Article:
Introductory Guideline to the Substance Addiction (Compulsory Assessment and Treatment) Act 2017

Introductory Guideline to the Substance Addiction (Compulsory Assessment and Treatment) Act 2017

Introductory Guideline to the Substance Addiction (Compulsory Assessment and Treatment) Act 2017



While every care has been taken in the preparation of the information in this document, users are reminded that the Ministry of Health cannot accept legal liability for any errors or omissions or damages resulting from reliance on the information contained in this document.

Please note that these guidelines are not intended as a substitute for informed legal opinion. Any concerns you may have should be discussed with your legal advisors.

The ways in which the Substance Addiction (Compulsory Assessment and Treatment) Act 2017(the Act) is interpreted will change over time and will be guided by case law and practice. Consequently, this guideline will be revised as necessary and following the review of the Act as required by section 120.

Citation: Ministry of Health. 2017. Introductory Guidelines on the Substance Addictions (Compulsory Assessment and Treatment) Act 2017 Wellington: Ministry of Health.

Published in November2017
by theMinistry of Health
PO Box 5013, Wellington 6140, New Zealand

HP 6732

This document is available at

This work is licensed under the Creative Commons Attribution 4.0 International licence. In essence, you are free to: share ie, copy and redistribute the material in any medium or format; adapt ie, remix, transform and build upon the material. You must give appropriate credit, provide a link to the licence and indicate if changes were made.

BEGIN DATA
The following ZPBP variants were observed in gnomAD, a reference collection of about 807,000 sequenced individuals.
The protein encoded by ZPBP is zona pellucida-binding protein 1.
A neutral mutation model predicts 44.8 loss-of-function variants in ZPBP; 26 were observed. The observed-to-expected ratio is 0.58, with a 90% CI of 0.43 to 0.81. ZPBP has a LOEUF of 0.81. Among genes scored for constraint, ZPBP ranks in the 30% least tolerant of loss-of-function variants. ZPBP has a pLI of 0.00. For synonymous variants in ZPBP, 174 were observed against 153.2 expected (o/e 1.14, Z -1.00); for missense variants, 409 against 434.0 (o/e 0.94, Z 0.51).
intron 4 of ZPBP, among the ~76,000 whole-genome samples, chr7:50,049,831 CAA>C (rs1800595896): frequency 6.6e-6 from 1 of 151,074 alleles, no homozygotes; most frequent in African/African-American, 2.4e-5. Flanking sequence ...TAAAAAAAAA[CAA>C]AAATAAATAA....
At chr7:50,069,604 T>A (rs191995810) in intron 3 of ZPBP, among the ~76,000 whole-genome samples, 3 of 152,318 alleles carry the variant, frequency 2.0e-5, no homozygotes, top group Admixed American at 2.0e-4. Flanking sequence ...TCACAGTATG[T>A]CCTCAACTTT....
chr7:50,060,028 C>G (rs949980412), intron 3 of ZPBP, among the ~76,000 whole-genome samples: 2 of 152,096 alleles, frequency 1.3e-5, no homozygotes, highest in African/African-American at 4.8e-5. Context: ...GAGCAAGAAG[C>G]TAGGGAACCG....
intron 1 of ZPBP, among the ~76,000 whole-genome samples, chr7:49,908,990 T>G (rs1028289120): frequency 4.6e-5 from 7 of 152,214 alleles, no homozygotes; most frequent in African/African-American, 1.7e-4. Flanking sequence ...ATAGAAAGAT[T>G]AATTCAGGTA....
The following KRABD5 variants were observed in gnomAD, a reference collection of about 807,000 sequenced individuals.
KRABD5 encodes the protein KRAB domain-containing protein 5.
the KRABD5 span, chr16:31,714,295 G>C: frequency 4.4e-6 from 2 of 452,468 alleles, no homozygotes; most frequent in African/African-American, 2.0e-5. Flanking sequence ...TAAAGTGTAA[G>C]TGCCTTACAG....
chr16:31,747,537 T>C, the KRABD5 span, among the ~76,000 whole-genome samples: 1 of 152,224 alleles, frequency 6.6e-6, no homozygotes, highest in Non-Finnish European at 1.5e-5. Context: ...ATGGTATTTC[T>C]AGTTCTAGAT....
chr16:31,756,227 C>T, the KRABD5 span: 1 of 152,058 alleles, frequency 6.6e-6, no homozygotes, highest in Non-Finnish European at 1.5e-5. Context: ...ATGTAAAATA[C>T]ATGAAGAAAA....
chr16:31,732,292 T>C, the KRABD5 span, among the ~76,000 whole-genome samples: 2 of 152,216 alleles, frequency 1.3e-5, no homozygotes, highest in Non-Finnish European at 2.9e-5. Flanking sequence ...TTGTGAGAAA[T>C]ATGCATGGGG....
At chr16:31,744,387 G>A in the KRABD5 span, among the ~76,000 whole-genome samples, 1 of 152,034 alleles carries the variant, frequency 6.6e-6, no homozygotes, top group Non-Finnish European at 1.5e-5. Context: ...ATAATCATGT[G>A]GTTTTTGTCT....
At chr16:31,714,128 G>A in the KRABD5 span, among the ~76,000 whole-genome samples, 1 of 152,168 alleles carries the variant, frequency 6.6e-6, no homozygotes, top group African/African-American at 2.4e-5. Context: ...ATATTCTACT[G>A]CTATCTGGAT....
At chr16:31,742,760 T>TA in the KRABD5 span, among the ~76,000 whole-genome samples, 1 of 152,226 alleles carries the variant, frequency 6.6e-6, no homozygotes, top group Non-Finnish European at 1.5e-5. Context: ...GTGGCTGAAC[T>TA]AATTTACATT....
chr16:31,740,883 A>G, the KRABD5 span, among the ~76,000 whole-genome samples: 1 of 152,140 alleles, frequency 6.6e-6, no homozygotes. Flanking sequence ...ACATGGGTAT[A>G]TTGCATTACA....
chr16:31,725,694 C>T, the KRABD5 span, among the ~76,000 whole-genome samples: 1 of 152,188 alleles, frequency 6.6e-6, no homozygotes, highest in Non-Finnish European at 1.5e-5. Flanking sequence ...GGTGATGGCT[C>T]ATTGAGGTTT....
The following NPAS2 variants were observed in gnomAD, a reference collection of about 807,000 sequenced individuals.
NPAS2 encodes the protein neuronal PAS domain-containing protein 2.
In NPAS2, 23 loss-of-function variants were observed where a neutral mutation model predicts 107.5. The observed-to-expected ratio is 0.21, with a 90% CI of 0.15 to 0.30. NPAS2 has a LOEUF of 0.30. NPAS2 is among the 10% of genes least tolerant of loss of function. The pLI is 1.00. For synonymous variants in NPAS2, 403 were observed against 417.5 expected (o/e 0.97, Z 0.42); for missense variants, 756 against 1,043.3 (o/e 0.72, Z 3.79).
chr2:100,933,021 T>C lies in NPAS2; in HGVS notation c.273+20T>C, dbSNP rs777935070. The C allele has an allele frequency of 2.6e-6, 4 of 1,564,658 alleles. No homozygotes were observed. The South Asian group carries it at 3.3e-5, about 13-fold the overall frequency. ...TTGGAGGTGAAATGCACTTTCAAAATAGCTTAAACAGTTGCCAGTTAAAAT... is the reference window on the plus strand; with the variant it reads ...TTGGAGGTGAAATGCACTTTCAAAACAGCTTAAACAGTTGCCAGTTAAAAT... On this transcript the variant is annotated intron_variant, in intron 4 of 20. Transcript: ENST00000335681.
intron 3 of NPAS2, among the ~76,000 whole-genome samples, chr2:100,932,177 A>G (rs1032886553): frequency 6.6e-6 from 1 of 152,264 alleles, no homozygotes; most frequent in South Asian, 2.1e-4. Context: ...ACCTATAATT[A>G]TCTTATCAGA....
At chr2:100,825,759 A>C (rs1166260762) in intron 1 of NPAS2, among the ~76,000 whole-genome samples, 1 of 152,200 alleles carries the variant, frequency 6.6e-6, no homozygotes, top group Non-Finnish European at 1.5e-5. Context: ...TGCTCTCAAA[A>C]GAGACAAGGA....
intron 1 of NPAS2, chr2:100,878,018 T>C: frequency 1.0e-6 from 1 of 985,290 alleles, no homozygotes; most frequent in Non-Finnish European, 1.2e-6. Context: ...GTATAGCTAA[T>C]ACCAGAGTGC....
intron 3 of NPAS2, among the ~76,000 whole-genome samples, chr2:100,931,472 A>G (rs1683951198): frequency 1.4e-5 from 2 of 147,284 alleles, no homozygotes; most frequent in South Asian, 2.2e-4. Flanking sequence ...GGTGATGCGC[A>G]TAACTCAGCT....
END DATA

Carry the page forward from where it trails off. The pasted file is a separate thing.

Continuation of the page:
1Definitions and criteria for compulsory assessment and treatment

Severe substance addiction

Capacity to make informed decisions

Criteria for compulsory treatment under the Act

Compulsory treatment to be option of last resort

Compulsory status – when it starts and ends

Principal caregiver

Nominated person

Children and young persons

2Rights of patients

Section 53Right to treatment

Section 54Right to be informed about treatment

Section 55Rights in case of visual or audio recording

Section 56Right to independent advice from approved specialist

Section 57Right to legal advice

Section 58Right to company

Section 59Right to receive visitors and make and receive telephone calls

Section 60Right to receive and send mail and electronic communications

Section 61Checking and withholding mail and electronic communications

Section 62Approval required to check and withhold mail and electronic communications